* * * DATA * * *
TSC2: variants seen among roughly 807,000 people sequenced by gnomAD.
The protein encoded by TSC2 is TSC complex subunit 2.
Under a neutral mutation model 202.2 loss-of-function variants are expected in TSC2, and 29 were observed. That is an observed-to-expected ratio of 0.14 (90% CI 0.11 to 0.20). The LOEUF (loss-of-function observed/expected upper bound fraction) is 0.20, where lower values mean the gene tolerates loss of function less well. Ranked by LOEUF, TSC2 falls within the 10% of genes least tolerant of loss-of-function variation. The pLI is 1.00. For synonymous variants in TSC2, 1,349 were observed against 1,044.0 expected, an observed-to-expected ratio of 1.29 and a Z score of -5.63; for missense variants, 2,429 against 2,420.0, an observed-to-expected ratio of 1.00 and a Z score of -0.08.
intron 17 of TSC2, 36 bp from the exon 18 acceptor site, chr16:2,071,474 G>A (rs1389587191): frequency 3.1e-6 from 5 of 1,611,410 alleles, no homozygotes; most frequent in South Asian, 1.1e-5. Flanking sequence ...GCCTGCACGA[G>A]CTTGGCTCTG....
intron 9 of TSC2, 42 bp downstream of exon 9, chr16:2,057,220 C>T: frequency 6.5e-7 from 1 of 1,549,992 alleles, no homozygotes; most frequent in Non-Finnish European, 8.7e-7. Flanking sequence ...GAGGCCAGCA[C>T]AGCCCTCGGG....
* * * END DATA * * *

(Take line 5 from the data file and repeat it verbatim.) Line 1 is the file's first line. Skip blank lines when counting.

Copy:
intron 9 of TSC2, 42 bp downstream of exon 9, chr16:2,057,220 C>T: frequency 6.5e-7 from 1 of 1,549,992 alleles, no homozygotes; most frequent in Non-Finnish European, 8.7e-7. Flanking sequence ...GAGGCCAGCA[C>T]AGCCCTCGGG....